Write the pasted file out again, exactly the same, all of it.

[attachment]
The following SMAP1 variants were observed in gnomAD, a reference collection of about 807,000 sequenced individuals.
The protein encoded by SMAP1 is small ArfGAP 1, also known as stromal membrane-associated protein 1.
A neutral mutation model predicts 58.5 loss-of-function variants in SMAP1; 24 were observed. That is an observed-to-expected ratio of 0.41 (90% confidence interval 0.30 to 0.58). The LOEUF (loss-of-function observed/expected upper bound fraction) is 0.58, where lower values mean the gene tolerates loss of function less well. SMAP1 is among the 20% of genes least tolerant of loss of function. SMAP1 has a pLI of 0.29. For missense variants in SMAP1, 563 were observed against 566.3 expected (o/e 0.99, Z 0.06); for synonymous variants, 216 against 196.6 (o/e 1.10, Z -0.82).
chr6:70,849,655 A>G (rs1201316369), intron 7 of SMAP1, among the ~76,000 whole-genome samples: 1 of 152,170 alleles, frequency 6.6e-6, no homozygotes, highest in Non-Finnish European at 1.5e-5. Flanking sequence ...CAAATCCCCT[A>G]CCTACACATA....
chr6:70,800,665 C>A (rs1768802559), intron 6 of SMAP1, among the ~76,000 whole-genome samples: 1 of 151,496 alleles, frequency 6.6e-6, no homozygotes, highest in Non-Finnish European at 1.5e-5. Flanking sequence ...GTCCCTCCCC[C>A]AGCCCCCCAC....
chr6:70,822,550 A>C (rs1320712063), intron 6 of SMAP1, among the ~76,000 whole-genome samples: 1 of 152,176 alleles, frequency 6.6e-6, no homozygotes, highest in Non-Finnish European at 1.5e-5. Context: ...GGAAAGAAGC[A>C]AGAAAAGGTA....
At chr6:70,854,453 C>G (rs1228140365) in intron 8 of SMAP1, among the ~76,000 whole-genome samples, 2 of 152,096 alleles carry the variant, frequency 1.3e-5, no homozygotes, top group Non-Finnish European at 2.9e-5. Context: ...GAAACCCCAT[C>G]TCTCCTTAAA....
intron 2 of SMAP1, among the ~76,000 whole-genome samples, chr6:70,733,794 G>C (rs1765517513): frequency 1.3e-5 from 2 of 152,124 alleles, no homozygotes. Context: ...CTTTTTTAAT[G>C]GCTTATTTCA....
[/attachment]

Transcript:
The following SMAP1 variants were observed in gnomAD, a reference collection of about 807,000 sequenced individuals.
The protein encoded by SMAP1 is small ArfGAP 1, also known as stromal membrane-associated protein 1.
A neutral mutation model predicts 58.5 loss-of-function variants in SMAP1; 24 were observed. That is an observed-to-expected ratio of 0.41 (90% confidence interval 0.30 to 0.58). The LOEUF (loss-of-function observed/expected upper bound fraction) is 0.58, where lower values mean the gene tolerates loss of function less well. SMAP1 is among the 20% of genes least tolerant of loss of function. SMAP1 has a pLI of 0.29. For missense variants in SMAP1, 563 were observed against 566.3 expected (o/e 0.99, Z 0.06); for synonymous variants, 216 against 196.6 (o/e 1.10, Z -0.82).
chr6:70,849,655 A>G (rs1201316369), intron 7 of SMAP1, among the ~76,000 whole-genome samples: 1 of 152,170 alleles, frequency 6.6e-6, no homozygotes, highest in Non-Finnish European at 1.5e-5. Flanking sequence ...CAAATCCCCT[A>G]CCTACACATA....
chr6:70,800,665 C>A (rs1768802559), intron 6 of SMAP1, among the ~76,000 whole-genome samples: 1 of 151,496 alleles, frequency 6.6e-6, no homozygotes, highest in Non-Finnish European at 1.5e-5. Flanking sequence ...GTCCCTCCCC[C>A]AGCCCCCCAC....
chr6:70,822,550 A>C (rs1320712063), intron 6 of SMAP1, among the ~76,000 whole-genome samples: 1 of 152,176 alleles, frequency 6.6e-6, no homozygotes, highest in Non-Finnish European at 1.5e-5. Context: ...GGAAAGAAGC[A>C]AGAAAAGGTA....
At chr6:70,854,453 C>G (rs1228140365) in intron 8 of SMAP1, among the ~76,000 whole-genome samples, 2 of 152,096 alleles carry the variant, frequency 1.3e-5, no homozygotes, top group Non-Finnish European at 2.9e-5. Context: ...GAAACCCCAT[C>G]TCTCCTTAAA....
intron 2 of SMAP1, among the ~76,000 whole-genome samples, chr6:70,733,794 G>C (rs1765517513): frequency 1.3e-5 from 2 of 152,124 alleles, no homozygotes. Context: ...CTTTTTTAAT[G>C]GCTTATTTCA....